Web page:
Although Johnston admits that the use of tobacco and opiates had become global in the 1850s, he would probably have been surprised at the widespread use of drugs that is prevalent today and the various forms that they take. Clearly one difference is the development of synthetic drugs like LSD and amphetamines that are produced in chemical laboratories, rather than directly from fungi or plants. One aspect that would not have surprised him is the money involved in the production and selling of narcotics, as he remarks on the world-wide size of this industry in The Chemistry of Common Life.
The widespread use of "narcotic indulgences" for religious purposes affects whole societies, but why do some of us become addicted to narcotics, knowing that they can be destructive to physical and mental health? It is hard not to adopt Johnston's position when addressing this question, as we experiment with drugs, feel pressured by peers, want to enhance our creativity, escape boredom, or indulge for many other reasons. Apart from the change in the range of narcotics available, there are few differences between the 1850s and the 21st Century in our need for what we now call recreational drugs. Does that come as a surprise?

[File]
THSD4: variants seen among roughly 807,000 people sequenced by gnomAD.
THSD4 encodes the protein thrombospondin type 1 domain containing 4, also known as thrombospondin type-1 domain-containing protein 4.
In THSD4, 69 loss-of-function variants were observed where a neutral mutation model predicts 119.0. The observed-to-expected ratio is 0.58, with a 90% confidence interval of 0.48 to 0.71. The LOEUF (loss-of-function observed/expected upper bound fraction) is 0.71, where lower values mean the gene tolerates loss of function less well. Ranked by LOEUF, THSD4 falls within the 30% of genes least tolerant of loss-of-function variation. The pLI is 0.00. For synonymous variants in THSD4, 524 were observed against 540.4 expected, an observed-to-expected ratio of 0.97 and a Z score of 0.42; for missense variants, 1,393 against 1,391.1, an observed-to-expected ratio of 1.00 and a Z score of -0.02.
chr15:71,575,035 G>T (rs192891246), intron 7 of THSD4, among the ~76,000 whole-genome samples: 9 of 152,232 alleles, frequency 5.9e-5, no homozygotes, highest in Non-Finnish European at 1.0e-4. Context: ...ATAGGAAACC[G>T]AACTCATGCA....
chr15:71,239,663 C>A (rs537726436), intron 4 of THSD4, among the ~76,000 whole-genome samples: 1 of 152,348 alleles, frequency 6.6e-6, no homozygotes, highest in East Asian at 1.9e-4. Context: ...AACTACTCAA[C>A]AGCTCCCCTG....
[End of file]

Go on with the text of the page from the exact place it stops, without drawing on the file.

James F. W. Johnston (1985) The narcotics we indulge in. Part I. Journal of Psychoactive Drugs 17: 191-199.
 James F. W. Johnston (1985) The narcotics we indulge in. Part II. Journal of Psychoactive Drugs 18: 131-150.
 Graeme Wynn (1985) Johnston, James Finlay Weir. Dictionary of Canadian Biography Volume 8. Toronto and Québec, University of Toronto and Université Laval.
 David Knight (2004) Johnston, James Finlay Weir (1796-1855). Oxford Dictionary of National Biography. Oxford, Oxford University Press
 James F. W. Johnston (1854) The Chemistry of Common Life. New York, D. Appleton and Company.